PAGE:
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As a relative newbie I try to read as much as I can about a particular subject and test/write as much code as I can. I was looking at one of Jons Brainteasers (question #2) and my output was different than the answer. Which makes brings me here to ask if something has changed in recent versions and to see what output others are getting from this code.

The question is, "What will be displayed, why, and how confident are you?"

using System;

class Foo
{
    static Foo()
    {
        Console.WriteLine ("Foo");
    }
}

class Bar
{
    static int i = Init();

    static int Init()
    {
        Console.WriteLine("Bar");
        return 0;
    }
}

class Test
{
    static void Main()
    {
        Foo f = new Foo();
        Bar b = new Bar();
    }
}

What, if anything, would cause us to get two different answers?

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1  
You're asking "if something has changed in recent versions of Visual Studio". What you're really asking would be if anything changed in the newer version of the .NET Framework. And, really nothing that major would change from version to version, since it would be a Major Breaking Change. –  Chris Pietschmann Oct 29 '09 at 17:17
1  
Duplicated. Interesting. –  Marc Gravell Oct 29 '09 at 17:19
3  
Well, what's the answer you're getting? –  Kyralessa Oct 29 '09 at 17:20
    
I was just reading about this on Jon's site earlier today. @jprete has it right, it's because of the static constructor in the Foo class. yoda.arachsys.com/csharp/beforefieldinit.html –  ThatBlairGuy Jun 25 '10 at 16:07

5 Answers 5

up vote 15 down vote accepted

Now try it in release mode, outside of the debugger ;-p

I get different results with/without a debugger. The debugger upsets a lot of subtle nuances / optimisations, so I can only guess this is one of those times where the debugger matters. Which makes it even harder to debug ;-p

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That exactly what I was missing. –  Leroy Jenkins Oct 29 '09 at 17:28
1  
I get 'Foo' in release mode, 'Foo'and'Bar' in Debug Mode. From a raw programming language standpoint, shouldn't both 'Foo' and 'Bar' be displayed in sequence? –  sc_ray Jul 29 '10 at 18:55

Jon's own answers page discusses this. I'm not a C# guy, but it seems like the system has exactly one choice of when to call the static foo code (and therefore write "Foo") but it has essentially infinite freedom to decide when to initialize Bar.i (which will write "Bar"), so it can happen either when the class is loaded, or when it is first used, or not at all.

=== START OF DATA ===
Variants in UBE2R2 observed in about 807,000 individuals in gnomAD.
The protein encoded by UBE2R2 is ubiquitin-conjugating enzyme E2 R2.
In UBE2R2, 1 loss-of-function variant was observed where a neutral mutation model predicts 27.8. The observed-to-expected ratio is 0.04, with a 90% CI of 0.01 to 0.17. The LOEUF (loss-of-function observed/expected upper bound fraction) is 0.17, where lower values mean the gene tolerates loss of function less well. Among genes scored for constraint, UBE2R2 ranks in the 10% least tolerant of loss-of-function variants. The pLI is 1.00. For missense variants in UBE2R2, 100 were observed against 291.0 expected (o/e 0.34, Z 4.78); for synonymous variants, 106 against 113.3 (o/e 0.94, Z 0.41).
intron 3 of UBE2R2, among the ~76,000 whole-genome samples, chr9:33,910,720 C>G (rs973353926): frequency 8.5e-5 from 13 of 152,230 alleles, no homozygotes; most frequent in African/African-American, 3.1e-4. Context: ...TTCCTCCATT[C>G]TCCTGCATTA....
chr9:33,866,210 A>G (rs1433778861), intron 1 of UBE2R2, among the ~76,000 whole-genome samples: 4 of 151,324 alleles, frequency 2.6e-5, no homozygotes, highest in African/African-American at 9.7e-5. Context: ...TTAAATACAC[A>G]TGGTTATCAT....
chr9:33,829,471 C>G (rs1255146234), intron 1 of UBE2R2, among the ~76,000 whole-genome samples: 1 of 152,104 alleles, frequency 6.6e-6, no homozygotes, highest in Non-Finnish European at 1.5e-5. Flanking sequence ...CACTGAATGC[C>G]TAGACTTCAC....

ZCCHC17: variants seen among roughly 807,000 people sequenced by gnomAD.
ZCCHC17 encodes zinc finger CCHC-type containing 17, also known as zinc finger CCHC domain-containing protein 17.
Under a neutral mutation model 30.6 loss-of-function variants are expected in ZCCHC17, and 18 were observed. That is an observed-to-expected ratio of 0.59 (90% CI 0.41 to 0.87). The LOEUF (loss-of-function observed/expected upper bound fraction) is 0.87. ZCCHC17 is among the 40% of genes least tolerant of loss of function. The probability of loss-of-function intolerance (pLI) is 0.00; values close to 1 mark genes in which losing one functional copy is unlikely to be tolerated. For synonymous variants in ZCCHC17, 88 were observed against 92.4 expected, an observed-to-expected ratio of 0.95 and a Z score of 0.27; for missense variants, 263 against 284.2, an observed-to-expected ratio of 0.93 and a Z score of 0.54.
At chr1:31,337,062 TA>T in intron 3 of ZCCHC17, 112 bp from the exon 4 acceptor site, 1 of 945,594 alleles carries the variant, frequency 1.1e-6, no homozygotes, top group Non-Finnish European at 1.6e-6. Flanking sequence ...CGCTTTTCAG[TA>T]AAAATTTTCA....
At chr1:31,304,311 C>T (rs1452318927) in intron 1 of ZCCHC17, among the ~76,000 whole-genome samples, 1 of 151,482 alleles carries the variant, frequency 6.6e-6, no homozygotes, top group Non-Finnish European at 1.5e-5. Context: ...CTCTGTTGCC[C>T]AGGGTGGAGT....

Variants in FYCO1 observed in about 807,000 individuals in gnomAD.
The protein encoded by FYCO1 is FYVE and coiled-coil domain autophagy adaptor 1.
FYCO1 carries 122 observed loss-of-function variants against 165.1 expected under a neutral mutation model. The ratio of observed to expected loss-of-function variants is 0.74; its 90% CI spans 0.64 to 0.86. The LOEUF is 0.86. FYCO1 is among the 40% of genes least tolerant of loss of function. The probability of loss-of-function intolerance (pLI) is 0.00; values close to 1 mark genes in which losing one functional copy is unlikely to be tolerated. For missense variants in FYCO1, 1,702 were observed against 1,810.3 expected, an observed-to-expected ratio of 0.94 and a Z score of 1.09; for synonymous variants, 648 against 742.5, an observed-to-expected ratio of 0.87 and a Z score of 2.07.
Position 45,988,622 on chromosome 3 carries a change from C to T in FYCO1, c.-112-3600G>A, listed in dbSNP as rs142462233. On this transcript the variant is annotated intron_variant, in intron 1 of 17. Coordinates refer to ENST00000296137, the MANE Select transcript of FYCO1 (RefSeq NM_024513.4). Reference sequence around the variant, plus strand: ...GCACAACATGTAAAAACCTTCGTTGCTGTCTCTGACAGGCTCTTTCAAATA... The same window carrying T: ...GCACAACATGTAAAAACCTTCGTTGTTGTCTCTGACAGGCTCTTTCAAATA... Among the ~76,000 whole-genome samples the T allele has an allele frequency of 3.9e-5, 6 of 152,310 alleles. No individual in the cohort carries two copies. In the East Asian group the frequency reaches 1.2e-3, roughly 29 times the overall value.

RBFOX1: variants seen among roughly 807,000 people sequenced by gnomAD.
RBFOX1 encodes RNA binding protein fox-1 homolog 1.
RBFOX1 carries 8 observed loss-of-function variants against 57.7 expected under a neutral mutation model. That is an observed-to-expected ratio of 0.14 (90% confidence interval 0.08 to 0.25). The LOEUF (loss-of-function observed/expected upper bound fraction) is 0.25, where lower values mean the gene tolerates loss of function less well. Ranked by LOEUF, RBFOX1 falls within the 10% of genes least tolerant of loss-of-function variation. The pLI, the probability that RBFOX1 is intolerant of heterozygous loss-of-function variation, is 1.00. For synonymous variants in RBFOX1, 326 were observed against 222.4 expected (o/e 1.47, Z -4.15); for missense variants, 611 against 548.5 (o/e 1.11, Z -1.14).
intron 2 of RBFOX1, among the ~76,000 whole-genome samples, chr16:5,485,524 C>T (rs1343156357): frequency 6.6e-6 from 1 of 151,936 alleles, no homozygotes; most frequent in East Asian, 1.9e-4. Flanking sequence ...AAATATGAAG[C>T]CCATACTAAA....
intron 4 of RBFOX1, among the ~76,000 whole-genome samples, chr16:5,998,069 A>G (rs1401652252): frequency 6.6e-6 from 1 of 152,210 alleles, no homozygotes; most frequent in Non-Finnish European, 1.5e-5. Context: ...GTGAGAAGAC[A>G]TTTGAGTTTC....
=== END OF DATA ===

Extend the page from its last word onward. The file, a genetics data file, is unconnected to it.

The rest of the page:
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It prints Foo, Bar in Debug mode and Bar, Foo in Release mode. So what is happening is the Release code is optimized and the optimization causes Bar to be called first - but there is no guarantee that will always be the case.

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1  
Why does the optimization cause bar to be called first. What is the rule here? –  Wil P Oct 29 '09 at 17:30
    
I would have to check, but I wouldn't be surprised if it is the debugger, more than debug/release, upsetting things. It regularly does. –  Marc Gravell Oct 29 '09 at 17:32
1  
Since bar doesn't have a static constructor, it can initialize the value for i and get the Bar class ready ahead of time. This prevents more work from happening later on. Alternatively, the debugger is letting Bar get initalized later. Foo, because it has the constructor, will always get initialized when first created, while Bar is free to be initialized anytime. –  Will Eddins Oct 29 '09 at 17:33
    
@Marc - I ran both outside the IDE to get these results so I don't think the debugger is the factor here. –  Otávio Décio Oct 29 '09 at 17:34

Just looking at it, I'd be surprised if it displayed anything else but "FooBar".

For the simple reason you are accessing Foo first, so its static constructor will run. Followed by the static field initializer when instantiating Bar.

Happy to be corrected.

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I think that foo bar will be printed. The static type constructor would be executed first in Foo, then the Init method would be called on the Bar class. I don't know about whether or not the behavior could change though. This is interesting.

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